An Air Purifier is a necessity, not a luxury: The Whys and Basics

Air pollution was the 4th leading risk factor for early death worldwide in 2019, surpassed only by high blood pressure, tobacco use, and poor diet. It was the leading risk factor for premature deaths in India in 2019, accounting for nearly 18% of all deaths – 1.67 million deaths due to air pollution in India in 2019.

Important Reasons to have an Air purifier

Indoor air pollution is ranked among the top 5 environmental health risks to the public by Environmental Protection Agency. Carbon-based gaseous pollutants (VOCs) could be 2 – 5 times higher than outdoors. In India, Indoor air pollution is one of the top 10 disease risk factors. It is invisible but no less a threat to our health. A large part of household items in our homes as well offices are sources of Indoor Air Pollution.

Clean and fresh air to breathe has become a necessity for a healthy life. This has become a scarce resource. People living in cities are at an increased risk of suffering from hazardous consequences.
Giving your body even a few hours of clean air will make your lungs stronger and well equipped to bear the onslaught of air pollution when you step outdoors. As we have become dependent on water filters to provide us clean drinking water, similarly air purifiers have become a necessity for our indoors (homes & offices).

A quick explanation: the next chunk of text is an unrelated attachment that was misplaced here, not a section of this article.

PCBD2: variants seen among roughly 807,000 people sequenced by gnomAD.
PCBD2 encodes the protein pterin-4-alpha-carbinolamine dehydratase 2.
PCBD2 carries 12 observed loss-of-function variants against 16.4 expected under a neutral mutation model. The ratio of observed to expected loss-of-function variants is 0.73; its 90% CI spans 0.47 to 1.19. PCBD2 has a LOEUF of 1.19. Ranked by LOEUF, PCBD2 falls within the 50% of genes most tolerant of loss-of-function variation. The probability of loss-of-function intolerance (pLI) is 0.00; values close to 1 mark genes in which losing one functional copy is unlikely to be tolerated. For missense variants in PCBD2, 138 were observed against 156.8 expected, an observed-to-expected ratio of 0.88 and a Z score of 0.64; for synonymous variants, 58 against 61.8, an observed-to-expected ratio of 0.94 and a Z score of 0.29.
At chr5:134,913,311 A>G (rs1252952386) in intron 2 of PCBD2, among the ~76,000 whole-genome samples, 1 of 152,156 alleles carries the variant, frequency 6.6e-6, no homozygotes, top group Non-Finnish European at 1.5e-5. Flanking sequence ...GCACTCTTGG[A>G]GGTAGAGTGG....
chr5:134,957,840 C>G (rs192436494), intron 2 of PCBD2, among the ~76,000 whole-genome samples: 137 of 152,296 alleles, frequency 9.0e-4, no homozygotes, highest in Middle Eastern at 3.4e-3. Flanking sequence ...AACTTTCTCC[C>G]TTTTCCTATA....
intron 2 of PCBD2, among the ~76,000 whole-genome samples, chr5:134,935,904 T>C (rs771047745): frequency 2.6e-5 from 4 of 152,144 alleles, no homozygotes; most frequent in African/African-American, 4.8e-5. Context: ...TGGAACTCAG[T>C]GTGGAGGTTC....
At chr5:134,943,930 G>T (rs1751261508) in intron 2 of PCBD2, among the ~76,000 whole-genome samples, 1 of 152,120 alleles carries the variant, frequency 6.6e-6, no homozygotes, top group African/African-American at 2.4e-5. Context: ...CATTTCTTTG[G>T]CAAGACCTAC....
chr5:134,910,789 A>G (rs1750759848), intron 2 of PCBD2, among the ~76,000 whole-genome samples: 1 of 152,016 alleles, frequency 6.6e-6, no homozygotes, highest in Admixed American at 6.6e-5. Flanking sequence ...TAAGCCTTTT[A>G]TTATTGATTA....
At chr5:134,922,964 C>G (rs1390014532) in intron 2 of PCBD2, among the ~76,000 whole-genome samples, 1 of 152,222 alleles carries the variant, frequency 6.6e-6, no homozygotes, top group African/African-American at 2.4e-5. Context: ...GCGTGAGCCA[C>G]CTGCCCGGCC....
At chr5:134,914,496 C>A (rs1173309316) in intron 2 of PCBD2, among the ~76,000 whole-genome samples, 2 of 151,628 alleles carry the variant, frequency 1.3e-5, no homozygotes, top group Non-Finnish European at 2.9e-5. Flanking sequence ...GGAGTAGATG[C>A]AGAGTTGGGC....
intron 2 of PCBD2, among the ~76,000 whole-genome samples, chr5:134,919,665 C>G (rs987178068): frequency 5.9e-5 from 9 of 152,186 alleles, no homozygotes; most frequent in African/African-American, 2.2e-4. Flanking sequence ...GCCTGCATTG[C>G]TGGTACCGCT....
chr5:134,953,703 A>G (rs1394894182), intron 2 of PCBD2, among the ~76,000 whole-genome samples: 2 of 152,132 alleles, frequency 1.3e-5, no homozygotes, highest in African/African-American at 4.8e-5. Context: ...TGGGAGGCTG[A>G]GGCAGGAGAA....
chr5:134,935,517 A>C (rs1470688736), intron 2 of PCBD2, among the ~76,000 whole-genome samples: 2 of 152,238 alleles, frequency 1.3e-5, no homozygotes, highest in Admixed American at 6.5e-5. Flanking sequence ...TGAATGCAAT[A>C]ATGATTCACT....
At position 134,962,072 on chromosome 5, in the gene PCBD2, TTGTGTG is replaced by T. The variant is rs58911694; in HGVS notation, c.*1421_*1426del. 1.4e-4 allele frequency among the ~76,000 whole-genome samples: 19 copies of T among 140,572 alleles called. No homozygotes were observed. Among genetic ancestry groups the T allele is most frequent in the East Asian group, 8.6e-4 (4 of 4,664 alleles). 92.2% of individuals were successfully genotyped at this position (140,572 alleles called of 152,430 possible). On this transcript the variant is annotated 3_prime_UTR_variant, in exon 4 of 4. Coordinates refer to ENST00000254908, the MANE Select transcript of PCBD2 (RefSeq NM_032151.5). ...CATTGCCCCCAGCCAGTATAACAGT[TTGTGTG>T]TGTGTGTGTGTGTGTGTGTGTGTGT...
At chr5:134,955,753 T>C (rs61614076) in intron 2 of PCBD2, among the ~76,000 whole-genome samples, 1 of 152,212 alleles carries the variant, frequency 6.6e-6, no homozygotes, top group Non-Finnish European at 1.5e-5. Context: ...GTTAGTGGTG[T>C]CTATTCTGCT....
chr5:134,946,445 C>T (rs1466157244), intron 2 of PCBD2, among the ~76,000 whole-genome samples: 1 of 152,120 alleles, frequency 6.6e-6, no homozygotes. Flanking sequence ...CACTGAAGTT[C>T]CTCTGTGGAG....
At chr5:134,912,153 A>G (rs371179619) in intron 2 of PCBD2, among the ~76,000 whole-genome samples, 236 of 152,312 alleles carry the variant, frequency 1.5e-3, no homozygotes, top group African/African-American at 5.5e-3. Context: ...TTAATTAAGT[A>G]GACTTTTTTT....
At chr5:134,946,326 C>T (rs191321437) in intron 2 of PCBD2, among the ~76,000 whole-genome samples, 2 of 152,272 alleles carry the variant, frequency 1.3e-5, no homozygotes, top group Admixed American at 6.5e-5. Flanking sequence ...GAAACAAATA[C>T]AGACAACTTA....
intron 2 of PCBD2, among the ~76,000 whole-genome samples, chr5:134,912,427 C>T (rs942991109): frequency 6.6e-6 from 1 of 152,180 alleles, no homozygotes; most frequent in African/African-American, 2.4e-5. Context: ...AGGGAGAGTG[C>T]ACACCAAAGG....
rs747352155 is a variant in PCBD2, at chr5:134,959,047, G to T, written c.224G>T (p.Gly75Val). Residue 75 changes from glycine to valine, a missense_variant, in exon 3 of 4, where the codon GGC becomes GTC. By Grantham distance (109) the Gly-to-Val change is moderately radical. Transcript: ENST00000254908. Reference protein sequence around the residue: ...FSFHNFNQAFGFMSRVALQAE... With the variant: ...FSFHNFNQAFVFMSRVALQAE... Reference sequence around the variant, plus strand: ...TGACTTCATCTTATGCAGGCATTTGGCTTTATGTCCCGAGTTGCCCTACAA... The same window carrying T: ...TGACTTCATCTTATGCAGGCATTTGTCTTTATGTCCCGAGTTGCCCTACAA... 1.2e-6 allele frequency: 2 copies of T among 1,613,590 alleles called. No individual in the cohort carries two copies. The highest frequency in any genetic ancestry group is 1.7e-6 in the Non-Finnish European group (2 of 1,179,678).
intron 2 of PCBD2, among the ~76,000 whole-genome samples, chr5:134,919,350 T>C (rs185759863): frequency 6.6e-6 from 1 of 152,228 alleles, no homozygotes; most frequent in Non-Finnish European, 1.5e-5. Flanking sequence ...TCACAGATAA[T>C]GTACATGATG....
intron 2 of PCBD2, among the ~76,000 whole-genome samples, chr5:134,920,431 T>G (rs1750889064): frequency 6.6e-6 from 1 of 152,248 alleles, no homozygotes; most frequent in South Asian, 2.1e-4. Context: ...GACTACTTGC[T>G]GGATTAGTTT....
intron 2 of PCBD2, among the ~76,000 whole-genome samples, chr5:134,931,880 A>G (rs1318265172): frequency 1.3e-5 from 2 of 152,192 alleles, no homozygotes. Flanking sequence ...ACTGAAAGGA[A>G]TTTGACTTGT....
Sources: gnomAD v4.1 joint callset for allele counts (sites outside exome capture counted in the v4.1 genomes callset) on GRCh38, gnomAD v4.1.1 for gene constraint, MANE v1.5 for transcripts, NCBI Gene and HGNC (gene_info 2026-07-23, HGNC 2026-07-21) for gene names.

What should be looked at when buying a good air purifier?

  1. Clean Air Delivery Rate (CADR) at a medium speed, where the noise level is acceptable and not high – it should be able to provide for atleast 2 air changes in one hour.
  2. HEPA filter quality: A good quality HEPA filter is an important factor to consider. A true HEPA filter should be of H12 or H13 grade.
  3. Carbon filter: A good quality carbon filter weighing 500 grams or above.
  4. Pre-filter: a good washable pre-filter to take care of larger particles.
  5. Noise levels: Below 50 dB, at medium speed, should be acceptable.
  6. Indicator for a filter change.

Air purifiers have two broad categories – passive filtration and active filtration

Passive filtration technology is one of the safe technologies used in an air purifier. Air purifiers with good particulate filtration ensure that no particles come through in the air that is released from the purifier. These are expensive because the filters need to be changed regularly. These machine filters simply block pollutants in the filters and allow the passage of clean air.